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Possible Duplicate:
HTML: Sub-pixel border

The default border:1px is too big. However, border: 0.5px solid; is not working. Is there a CSS solution that would make the border half the size?

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    I think you don't understand how pixels work. This is like wanting a value size less than a bit. – Yanick Rochon Dec 15 '12 at 9:52
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    Ok I now understand that cant't be less that 1 px. – Wizard Dec 15 '12 at 9:54
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    Well technically it can be because pixels are a relative unit of measurement. But that will probably turn your world-view upside down. – hakre Dec 15 '12 at 11:20
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    I voted this question for reopening because the "exact duplicate" does not give a concrete solution to this issue. It does explain the "ipx minimum" limitation, but does not give a workaround solution. – Yanick Rochon Dec 15 '12 at 15:07
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    Pixel widths less than 1px are now possible on UHD screens (in modern browsers, at least). Given that this question doesn't specify browser compatibility, surely this could be reopened to allow an answer that addresses this. – verism Nov 27 '16 at 20:06
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A pixel is the smallest unit value to render something with, but you can trick thickness with optical illusions by modifying colors (the eye can only see up to a certain resolution too).

Here is a test to prove this point:

div { border-color: blue; border-style: solid; margin: 2px; }

div.b1 { border-width: 1px; }
div.b2 { border-width: 0.1em; }
div.b3 { border-width: 0.01em; }
div.b4 { border-width: 1px; border-color: rgb(160,160,255); }
<div class="b1">Some text</div>
<div class="b2">Some text</div>
<div class="b3">Some text</div>
<div class="b4">Some text</div>

Output

enter image description here

Which gives the illusion that the last DIV has a smaller border width, because the blue border blends more with the white background.


Edit: Alternate solution

Alpha values may also be used to simulate the same effect, without the need to calculate and manipulate RGB values.

.container {
  border-style: solid;
  border-width: 1px;
  
  margin-bottom: 10px;
}

.border-100 { border-color: rgba(0,0,255,1); }
.border-75 { border-color: rgba(0,0,255,0.75); }
.border-50 { border-color: rgba(0,0,255,0.5); }
.border-25 { border-color: rgba(0,0,255,0.25); }
<div class="container border-100">Container 1 (alpha = 1)</div>
<div class="container border-75">Container 2 (alpha = 0.75)</div>
<div class="container border-50">Container 3 (alpha = 0.5)</div>
<div class="container border-25">Container 4 (alpha = 0.25)</div>

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    For anyone attempting to do this, but not sure how to blend your colors, I found this page really helpful: meyerweb.com/eric/tools/color-blend Just make sure you choose more than 1 midpoint, and pick your favorite. – Taj Morton Jul 26 '13 at 6:20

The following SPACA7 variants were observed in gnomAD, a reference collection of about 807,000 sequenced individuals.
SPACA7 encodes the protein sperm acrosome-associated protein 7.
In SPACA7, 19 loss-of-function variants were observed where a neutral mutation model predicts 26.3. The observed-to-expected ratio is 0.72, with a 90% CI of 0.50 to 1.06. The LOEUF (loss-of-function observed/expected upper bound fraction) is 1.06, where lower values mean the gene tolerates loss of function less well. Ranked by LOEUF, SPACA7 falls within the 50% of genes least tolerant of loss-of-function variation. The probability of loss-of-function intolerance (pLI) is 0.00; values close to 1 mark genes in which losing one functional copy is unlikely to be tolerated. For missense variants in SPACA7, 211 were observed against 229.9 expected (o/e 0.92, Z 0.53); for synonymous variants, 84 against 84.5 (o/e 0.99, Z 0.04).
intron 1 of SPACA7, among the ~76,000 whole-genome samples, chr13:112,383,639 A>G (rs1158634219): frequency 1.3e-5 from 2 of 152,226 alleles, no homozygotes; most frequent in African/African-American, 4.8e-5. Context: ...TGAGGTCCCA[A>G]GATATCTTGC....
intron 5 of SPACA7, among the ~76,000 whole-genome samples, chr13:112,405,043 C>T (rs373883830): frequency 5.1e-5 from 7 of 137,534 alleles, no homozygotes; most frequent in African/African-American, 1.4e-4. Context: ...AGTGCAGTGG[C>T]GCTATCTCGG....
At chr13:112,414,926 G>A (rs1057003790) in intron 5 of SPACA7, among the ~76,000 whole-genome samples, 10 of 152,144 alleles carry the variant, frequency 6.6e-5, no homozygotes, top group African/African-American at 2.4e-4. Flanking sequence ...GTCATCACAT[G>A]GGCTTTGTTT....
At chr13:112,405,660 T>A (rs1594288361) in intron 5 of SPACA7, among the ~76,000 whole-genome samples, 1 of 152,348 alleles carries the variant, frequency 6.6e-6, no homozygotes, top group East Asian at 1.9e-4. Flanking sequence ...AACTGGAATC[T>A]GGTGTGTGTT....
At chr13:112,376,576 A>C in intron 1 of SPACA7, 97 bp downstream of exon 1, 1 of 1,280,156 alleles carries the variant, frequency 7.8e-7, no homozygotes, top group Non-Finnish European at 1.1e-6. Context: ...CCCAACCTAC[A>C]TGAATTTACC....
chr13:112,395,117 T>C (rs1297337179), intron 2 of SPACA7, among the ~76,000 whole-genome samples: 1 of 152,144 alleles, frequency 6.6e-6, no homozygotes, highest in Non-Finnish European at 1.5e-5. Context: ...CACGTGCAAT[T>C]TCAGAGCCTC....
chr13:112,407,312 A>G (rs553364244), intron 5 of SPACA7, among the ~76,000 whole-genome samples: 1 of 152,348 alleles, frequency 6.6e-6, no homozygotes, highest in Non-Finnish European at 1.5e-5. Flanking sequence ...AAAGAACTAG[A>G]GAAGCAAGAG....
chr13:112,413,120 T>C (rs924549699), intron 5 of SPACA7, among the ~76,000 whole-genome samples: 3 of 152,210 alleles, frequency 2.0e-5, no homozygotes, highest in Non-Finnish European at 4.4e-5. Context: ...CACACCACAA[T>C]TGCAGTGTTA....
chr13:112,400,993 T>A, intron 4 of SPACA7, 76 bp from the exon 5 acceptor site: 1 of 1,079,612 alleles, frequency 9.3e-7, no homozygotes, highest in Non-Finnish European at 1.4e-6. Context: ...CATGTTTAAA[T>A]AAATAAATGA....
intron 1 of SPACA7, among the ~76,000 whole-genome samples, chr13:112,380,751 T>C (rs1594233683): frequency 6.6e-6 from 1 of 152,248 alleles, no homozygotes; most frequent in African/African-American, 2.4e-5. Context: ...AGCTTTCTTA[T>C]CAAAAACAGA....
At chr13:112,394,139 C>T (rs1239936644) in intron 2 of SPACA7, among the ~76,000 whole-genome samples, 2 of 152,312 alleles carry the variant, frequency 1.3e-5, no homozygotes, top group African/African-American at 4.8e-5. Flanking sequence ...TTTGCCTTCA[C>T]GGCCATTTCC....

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    In modern browsers, on UHD screens, sub-pixel widths are now possible. – verism Nov 27 '16 at 20:08
  • @verism please, elaborate. – Yanick Rochon Nov 28 '16 at 5:19
  • @YanickRochon Specifying a border width of less than 1px will result in sub-pixel rendering on UHD screens on modern browsers. It's difficult to illustrate much more, given this topic is now closed, but see my answer at stackoverflow.com/a/40833470/1600679 for an illustration. – verism Nov 28 '16 at 11:04
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    @Yanik Most users today are mobile, and most mobile devices are certainly high resolution. It is frustrating to not be able to specify "0.5px", and this question will certainly be visited a lot more until the issue is fixed. – Thomas Ahle Jan 24 '17 at 19:43
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It's impossible to draw a line on screen that's thinner than one pixel. Try using a more subtle color for the border instead.

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    Using a more contrasted border will give a impression of more thickness, while a color more blending (fading) to you background will give an impression of lightness (thinner) – Yanick Rochon Dec 15 '12 at 9:57
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    This is no longer true. 0.5px is valid and it works. – Vincent Dec 19 '18 at 1:08
  • @Vincent Browser-dependent. Chrome 70 treats subpixel values as 1px, for instance, even on hidpi displays. – user149341 Dec 19 '18 at 1:18
  • This is not true on hidpi displays. 1px can translate into 2 or 3 physical device pixels. – Roman Zenka Jun 21 '19 at 16:41
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try giving border in % for exapmle 0.1% according to your need.

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The minimum width that your screen can display is 1 pixel. So its impossible to display less then 1px. 1 pixels can only have 1 color and cannot be split up.

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    But but, on retina... – Ben Affleck Nov 15 '14 at 10:30
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    My browser does render an input box with a border that is thinner than the 1 pixel HTML borders (retina display). As far as I know, the HTML 1px borders are actually scaled to two retina pixels but the CSS spec does not have options to control such behavior. – Roy Prins Jan 31 '15 at 12:45

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